He collected a short list of suggested experts to take note of, and suggested using Clarity.fm to speak to successful people in the field. Of course, a blog post like this is a good start as well, since you can review advice from several experts and choose what works best for you. Have you been down this road before? Do you have any other suggestions for getting started?

P.S. If you liked this post, you might also like The 8 most important business tools that keep our company on track and Turning your marketing upside down: Why you should put more focus on existing customers

Image credits: Jamie Steven

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Written by Belle Beth Cooper

Belle is the first Content Crafter at Buffer and co-founder of Exist. She writes about social media, startups, lifehacking and science.

  • Personally I hate the ‘growth hacker’ term. ‘Technical marketer’ is a bit better, though I think the ‘T-shaped marketer’ concept is a better way to frame it.

    • Belle

      It’s a tricky one, Barry. A lot of people fight against the term “growth hacker” in particular, and I saw some recent debate about whether it’s just a “brogrammer basterdization of the term ‘marketer’.” I don’t know the answer, but I think a term that describes the skills you use, like “technical marketer” might be the best approach.

    • I think technical marketer would be an all encompassing generic term that doesn’t have any negative connotations attached to it. I like the T-shaped marketer – I remember reading about it in one of Distilled’s blog posts.. but most people will scratch their heads and inevitably say, “What’s that”?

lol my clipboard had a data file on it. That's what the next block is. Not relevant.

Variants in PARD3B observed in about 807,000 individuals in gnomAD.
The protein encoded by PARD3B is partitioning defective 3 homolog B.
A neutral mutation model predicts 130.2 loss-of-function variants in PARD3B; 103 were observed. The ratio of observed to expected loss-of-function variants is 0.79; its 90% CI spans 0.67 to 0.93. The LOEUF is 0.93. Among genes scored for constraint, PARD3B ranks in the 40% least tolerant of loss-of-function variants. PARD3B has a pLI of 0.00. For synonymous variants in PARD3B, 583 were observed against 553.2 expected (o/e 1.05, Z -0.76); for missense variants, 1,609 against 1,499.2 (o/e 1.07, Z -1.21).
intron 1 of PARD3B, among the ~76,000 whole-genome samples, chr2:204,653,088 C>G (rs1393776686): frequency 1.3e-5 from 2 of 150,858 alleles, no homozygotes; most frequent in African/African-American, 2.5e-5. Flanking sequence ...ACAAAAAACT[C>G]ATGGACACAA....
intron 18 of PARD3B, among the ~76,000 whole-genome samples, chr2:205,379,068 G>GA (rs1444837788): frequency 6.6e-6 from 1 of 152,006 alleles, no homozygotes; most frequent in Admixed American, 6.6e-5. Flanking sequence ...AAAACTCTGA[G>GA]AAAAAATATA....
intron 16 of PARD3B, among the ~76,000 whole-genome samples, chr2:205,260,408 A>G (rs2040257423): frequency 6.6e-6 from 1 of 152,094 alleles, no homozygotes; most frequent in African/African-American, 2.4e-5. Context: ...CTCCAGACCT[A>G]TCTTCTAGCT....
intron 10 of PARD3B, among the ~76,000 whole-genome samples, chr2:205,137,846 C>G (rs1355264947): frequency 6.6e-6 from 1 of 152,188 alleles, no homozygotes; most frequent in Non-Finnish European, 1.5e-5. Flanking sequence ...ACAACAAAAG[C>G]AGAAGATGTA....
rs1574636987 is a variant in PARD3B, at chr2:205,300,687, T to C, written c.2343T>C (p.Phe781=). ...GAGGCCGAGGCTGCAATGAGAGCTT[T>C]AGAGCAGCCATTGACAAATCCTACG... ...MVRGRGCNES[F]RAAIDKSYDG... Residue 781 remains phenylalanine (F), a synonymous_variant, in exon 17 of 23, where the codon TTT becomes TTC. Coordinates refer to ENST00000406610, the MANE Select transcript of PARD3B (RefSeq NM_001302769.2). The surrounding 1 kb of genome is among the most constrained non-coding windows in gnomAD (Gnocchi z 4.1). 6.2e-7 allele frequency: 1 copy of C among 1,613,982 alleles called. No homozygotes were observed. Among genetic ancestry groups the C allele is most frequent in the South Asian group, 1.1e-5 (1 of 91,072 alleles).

• LucidGal

    It’s the “learn to swim” thing. I don’t love the daily learning curves and normally couldn’t care less what happens “under the hood.” (Ask my husband who resets all the electronics after the electricity comes back on.) But I don’t have any choice if I want to survive as a marketer. It’s amazing the number of people who just throw up their hands and quit, as if they could have afforded to do that when the telephone was invented. I’m over 50 and I embrace all the technology I can.

    • Belle

      That’s awesome! I think that will prove to be a good approach 🙂

      • LucidGal

        Hope so… I’ll be working a few more years. ;o)

  • Excellent post! I have been contemplating on whether I should take a more formal approach to learning more of the technical side of marketing. I know a little CSS and HTML, but I’m nowhere near being an expert. This post couldn’t have came at a better time as I’m always on the lookout for new ways to continue to make myself more marketable in this field.

    • Belle

      That’s awesome, Patrice! I’m in a similar boat and definitely want to learn more about the technical side of marketing.